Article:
1. Chadha S. L., Radhakrishnan S, Ramachandran K, Kaul U, Gopinath N. Epidemiological study of coronary heart disease in urban population of Delhi. Indian J Med Res. Dec 1990;92:424-430.

2. Prabhakaran D, Shah P, Chaturvedi V, Ramakrishnan L, Manhapra A, Reddy KS. Cardiovascular risk factor prevalence among men in a large industry of northern India. Natl Med J India. Mar-Apr 2005;18(2):59-65.

3. Saeed O, Gupta V, Dhawan N, et al. Knowledge of modifiable risk factors of Coronary Atherosclerotic Heart Disease (CASHD) among a sample in India. BMC Int Health Hum Rights. 2009;9:2.

4.  Chaturvedi S, Pant M, Yadav G. Hypertension in Delhi: prevalence, awareness, treatment and control. Trop Doct. Jul 2007;37(3):142-145.

5. Chadha S. L., Tandon R, Shekhawat S, Gopinath N. An epidemiological study of blood pressure in school children (5-14 years) in Delhi. Indian heart journal. Mar-Apr 1999;51(2):178-182.

6. Bhardwaj S, Misra A, Khurana L, Gulati S, Shah P, Vikram NK. Childhood obesity in Asian Indians: a burgeoning cause of insulin resistance, diabetes and sub-clinical inflammation. Asia Pac J Clin Nutr. 2008;17 Suppl 1:172-175.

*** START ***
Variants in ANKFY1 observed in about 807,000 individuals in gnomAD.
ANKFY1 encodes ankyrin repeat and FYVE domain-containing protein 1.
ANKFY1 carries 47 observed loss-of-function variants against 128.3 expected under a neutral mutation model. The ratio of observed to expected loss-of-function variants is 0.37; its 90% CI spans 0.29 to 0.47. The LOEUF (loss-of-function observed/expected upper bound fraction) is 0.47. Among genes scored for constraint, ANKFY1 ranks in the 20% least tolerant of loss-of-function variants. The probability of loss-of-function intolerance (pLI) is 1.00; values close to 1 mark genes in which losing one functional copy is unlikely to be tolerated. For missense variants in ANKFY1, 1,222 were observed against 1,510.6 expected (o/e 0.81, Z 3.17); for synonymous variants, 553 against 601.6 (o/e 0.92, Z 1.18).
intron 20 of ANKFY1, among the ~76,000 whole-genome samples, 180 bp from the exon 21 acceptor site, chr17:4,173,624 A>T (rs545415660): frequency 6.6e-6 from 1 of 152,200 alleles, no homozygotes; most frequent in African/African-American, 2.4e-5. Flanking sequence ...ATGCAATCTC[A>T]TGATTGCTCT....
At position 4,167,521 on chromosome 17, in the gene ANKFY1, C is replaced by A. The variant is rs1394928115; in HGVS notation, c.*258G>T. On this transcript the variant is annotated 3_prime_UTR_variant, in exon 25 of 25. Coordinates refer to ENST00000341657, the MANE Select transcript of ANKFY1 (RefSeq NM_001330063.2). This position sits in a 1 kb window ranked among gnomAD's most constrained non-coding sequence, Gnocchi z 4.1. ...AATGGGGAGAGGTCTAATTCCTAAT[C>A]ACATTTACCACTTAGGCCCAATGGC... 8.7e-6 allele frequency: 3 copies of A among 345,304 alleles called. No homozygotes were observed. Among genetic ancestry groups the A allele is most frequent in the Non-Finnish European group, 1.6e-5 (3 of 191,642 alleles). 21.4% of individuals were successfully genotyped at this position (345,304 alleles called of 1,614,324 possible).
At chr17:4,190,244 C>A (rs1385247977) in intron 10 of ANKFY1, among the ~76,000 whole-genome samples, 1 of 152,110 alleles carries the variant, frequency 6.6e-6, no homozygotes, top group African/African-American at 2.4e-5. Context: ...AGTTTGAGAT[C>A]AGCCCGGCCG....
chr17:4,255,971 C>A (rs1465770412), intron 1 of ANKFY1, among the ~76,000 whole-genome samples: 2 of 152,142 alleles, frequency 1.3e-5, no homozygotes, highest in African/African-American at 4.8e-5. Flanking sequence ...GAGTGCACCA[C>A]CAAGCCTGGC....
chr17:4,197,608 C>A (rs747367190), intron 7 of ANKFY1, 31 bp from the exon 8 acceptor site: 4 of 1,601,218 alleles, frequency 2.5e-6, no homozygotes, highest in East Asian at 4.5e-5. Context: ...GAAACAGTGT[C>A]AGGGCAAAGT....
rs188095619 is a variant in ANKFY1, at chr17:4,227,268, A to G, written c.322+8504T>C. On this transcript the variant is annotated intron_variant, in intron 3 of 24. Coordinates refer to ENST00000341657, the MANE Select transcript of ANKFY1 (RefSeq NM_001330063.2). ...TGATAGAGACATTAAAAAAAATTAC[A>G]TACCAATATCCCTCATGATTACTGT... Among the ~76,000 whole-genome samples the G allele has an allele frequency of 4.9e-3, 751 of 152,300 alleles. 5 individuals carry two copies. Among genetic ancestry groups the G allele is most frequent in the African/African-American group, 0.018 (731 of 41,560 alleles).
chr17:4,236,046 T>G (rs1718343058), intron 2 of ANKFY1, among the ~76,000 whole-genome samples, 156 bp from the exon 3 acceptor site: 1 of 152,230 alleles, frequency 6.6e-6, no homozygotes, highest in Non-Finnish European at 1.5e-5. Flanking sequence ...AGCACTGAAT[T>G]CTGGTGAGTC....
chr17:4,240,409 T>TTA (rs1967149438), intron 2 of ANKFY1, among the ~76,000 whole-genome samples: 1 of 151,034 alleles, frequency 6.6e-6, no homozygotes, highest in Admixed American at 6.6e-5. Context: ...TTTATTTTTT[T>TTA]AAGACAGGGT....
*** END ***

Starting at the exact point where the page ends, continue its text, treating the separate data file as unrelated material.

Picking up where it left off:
7. Huffman M D, Prabhakaran D, Osmond C, et al. Incidence of cardiovascular risk factors in an Indian urban cohort results from the new delhi birth cohort. J Am Coll Cardiol. Apr 26 2011;57(17):1765-1774.

8. Bhargava SK, Sachdev HS, Fall CH, et al. Relation of serial changes in childhood body-mass index to impaired glucose tolerance in young adulthood. N Engl J Med. Feb 26 2004;350(9):865-875.

9. Paradis G, Chiolero A. The cardiovascular and chronic diseases epidemic in low- and middle-income countries a global health challenge. J Am Coll Cardiol. Apr 26 2011;57(17):1775-1777.

10. Omran AR. The epidemiologic transition: a theory of the epidemiology of population change. 1971. Milbank Q. 2005;83(4):731-757.

11. Jain P, Bhandari S, Siddhu A. A case-control study of risk factors for coronary heart disease in urban Indian middle-aged males. Indian Heart J. May-Jun 2008;60(3):233-240.

Leave a Reply

Your email address will not be published. Required fields are marked *

You may use these HTML tags and attributes: <a href="" title=""> <abbr title=""> <acronym title=""> <b> <blockquote cite=""> <cite> <code> <del datetime=""> <em> <i> <q cite=""> <strike> <strong>